The atmosphere in Shortland's film, however, is different. In Les egares there is plenty of sun and beautiful bright colors, shots are rarely fired after the schoolteacher and her children leave Paris. Lore is a dark and very intense film. The road to Hamburg is incredibly dangerous. Starving people and decaying corpses are everywhere. The country is also divided into large zones controlled by the Allies where people without proper documents are either detained or shot on the spot. All of this is seen through different sets of eyes – those of young children raised to believe that their parents were building a great country – which makes Lore different, but the human drama here is the same as that chronicled in other similarly themed films.
Rosendahl's acting debut is mighty impressive. There are numerous close-ups of her face throughout the film where she does not utter a single word but it is perfectly clear what is happening deep inside her character's soul.
Lore Blu-ray, Video Quality
Presented in its original aspect ratio of 1.85:1, encoded with MPEG-4 AVC and granted a 1080p transfer, Cate Shortland's Lore arrives on Blu-ray courtesy of British distributors Artificial Eye.
Shot on Super 16mm (16mm to DCP), Lore looks appropriately raw and lush. The camera constantly moves and there are numerous long close-ups, but detail and especially image depth are simply terrific (see screencaptures #11 and 17). There are some small contrast fluctuations, mostly during the nighttime footage, but they are indeed inherited. Color reproduction is excellent. The prominent colors in Lore are heavy blues, cold grays, and warm greens, all of which consistently look superb. There are no traces of problematic post-production tinkering. There are no compression anomalies to address in this review either. Finally, there are absolutely no stability issues. All in all, this is yet another fabulous presentation of a contemporary film from the folks at Artificial Eye. (Note: This is a Region-B "locked" Blu-ray release. Therefore, you must have a native Region-B or Region-Free PS3 or SA in order to access its content).
Lore Blu-ray, Audio Quality
There are two standard audio tracks on this Blu-ray release: German DTS-HD Master Audio 5.1 and German LPCM 2.0. For the record, Artificial Eye have provided optional English subtitles for the main feature.
It may seem like there isn't a wide gap between the 5.1 track and 2.0 track, but the 5.1 track opens up the film in a variety of different ways. Sometimes there is only a short music theme that is carefully enhanced, other times there are random nature sounds and noises that are dramatically elevated. Surround movement is limited, but there is an excellent range of nuanced dynamics on the 5.1 track that occasionally create the impression that the film's sound design is indeed quite elaborate. The dialog is exceptionally crisp, clean, always stable, and very easy to follow. The English translation is excellent.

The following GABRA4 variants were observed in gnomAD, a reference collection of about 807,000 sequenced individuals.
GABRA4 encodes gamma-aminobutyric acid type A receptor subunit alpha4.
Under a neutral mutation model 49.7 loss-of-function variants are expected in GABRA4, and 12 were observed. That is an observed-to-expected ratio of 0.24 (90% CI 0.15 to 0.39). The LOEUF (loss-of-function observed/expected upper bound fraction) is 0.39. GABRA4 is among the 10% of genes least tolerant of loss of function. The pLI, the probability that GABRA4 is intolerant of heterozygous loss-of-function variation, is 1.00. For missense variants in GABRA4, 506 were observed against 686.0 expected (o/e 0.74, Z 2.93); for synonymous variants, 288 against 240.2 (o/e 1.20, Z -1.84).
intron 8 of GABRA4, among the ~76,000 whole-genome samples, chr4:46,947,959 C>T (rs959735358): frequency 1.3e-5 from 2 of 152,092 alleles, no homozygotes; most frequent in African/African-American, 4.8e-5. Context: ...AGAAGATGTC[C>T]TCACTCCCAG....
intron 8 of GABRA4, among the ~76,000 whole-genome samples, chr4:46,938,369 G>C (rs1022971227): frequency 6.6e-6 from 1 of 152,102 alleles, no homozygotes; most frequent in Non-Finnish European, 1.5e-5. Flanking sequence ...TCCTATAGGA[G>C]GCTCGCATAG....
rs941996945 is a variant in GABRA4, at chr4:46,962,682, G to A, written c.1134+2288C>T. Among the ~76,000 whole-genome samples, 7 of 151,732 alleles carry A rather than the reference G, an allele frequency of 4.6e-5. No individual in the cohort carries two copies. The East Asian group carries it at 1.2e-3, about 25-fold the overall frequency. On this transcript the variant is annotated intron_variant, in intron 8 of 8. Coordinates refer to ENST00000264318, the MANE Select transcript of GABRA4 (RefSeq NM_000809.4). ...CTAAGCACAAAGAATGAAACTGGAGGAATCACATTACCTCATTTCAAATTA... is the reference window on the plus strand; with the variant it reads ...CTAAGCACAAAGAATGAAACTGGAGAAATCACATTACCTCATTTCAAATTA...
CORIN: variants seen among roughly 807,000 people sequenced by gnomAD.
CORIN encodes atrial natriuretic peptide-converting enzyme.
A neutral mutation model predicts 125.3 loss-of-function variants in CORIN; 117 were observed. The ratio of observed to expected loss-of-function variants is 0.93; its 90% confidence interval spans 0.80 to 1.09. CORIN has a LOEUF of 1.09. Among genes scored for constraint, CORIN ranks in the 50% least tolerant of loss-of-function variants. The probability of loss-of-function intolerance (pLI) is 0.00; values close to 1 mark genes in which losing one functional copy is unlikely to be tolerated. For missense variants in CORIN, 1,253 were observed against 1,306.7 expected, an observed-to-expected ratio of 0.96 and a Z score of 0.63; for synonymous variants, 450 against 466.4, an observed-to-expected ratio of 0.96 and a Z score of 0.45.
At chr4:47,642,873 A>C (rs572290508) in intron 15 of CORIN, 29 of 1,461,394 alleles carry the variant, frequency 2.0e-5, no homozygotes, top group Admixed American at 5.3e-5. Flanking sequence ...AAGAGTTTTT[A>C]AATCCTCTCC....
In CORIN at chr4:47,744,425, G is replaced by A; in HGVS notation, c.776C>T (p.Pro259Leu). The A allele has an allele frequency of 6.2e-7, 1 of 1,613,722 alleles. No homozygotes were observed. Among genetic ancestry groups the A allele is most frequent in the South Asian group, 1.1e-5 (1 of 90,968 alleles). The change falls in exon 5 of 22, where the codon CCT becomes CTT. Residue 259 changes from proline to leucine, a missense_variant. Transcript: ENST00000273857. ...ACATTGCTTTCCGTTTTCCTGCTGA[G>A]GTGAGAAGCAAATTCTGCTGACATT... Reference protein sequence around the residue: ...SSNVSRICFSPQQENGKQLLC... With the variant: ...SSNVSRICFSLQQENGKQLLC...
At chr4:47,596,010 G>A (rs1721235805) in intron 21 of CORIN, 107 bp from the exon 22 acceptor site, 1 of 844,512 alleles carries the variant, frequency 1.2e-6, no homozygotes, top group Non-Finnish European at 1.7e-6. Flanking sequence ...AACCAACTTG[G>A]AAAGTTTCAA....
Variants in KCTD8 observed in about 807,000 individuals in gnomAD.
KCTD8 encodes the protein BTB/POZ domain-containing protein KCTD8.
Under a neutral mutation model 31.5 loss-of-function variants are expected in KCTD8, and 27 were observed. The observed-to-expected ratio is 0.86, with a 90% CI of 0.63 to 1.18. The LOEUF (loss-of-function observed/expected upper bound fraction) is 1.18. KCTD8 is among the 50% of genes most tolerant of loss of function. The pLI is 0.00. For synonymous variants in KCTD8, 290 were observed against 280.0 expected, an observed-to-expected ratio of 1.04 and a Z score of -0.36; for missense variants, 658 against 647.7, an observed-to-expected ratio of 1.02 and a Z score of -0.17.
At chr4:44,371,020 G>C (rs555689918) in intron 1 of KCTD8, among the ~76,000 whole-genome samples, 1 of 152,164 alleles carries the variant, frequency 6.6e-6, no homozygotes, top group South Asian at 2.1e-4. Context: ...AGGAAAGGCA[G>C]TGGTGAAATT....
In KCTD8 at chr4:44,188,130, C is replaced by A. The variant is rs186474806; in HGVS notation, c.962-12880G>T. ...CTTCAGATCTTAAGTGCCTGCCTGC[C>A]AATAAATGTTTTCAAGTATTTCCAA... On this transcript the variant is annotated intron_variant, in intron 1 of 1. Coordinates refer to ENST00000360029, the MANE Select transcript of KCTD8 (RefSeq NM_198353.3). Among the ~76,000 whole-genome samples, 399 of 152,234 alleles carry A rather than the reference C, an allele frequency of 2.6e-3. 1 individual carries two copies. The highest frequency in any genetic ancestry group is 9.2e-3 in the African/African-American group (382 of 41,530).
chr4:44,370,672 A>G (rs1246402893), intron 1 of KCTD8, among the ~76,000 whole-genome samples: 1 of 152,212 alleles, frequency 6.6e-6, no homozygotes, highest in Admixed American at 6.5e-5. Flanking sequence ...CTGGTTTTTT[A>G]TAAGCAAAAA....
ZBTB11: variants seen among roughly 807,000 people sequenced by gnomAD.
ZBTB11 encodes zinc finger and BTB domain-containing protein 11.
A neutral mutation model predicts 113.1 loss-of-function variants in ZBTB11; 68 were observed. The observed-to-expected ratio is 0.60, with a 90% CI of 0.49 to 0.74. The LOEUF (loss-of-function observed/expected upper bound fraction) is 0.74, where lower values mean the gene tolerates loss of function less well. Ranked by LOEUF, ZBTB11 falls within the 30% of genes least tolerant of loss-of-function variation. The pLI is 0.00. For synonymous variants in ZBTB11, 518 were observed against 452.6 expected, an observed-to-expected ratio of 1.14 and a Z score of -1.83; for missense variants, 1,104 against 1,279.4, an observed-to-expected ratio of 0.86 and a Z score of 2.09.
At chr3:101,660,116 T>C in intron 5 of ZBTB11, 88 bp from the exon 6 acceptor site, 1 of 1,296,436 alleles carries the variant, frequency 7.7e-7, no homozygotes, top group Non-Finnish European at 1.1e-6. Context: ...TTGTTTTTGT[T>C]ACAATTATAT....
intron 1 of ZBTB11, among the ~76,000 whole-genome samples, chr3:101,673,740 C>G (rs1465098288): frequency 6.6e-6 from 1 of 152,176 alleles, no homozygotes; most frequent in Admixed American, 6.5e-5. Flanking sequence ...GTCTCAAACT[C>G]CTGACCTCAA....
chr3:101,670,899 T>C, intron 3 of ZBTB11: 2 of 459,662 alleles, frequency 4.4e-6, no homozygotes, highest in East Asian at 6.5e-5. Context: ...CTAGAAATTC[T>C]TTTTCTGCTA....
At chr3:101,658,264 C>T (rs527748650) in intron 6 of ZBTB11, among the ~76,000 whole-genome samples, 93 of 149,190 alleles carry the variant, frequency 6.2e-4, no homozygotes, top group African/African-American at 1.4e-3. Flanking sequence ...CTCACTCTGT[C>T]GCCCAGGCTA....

Lore Blu-ray, Special Features and Extras
Lore Blu-ray, Overall Score and Recommendation
Australian director Cate Shortland's second feature film chronicles the final days of Nazi Germany, as seen and experienced by a group of German children that slowly begin to realize that they never knew their parents and country. It is a deeply moving and incredibly well acted film. It should appeal to those of you who appreciated the message, intensity and style of Oliver Hirschbiegel's Downfall and Max Färberböck's A Woman in Berlin. As usual, the technical presentation by Artificial Eye is enormously impressive. HIGHLY RECOMMENDED.
Lore Blu-ray, News and Updates
• Exclusive Giveaway: Lore - May 2, 2013
Blu-ray.com and British distributors Artificial Eye are offering six members a chance to a copy of director Cate Shortland's Lore and three copies of Racehl Seiffert's book The Dark Room on which the films is based.
• Lore Blu-ray - March 27, 2013
Independent British distributors Artificial Eye have officially announced and detailed their upcoming Blu-ray release of Cate Shortland's Lore (2012), starring Saskia Rosendahl, Kai-Peter Malina, and Nele Trebs. The release will be available for purchase online ...
• Upcoming Artificial Eye Releases - January 31, 2013
Independent British distributors Artificial Eye have informed us that they are planning to add four films to their impressive Blu-ray catalog: Hal Hartley's The Unbelievable Truth (1989), Simple Men (1992), and Amateur (1994), and Cate Shortland's Lore (2012), ...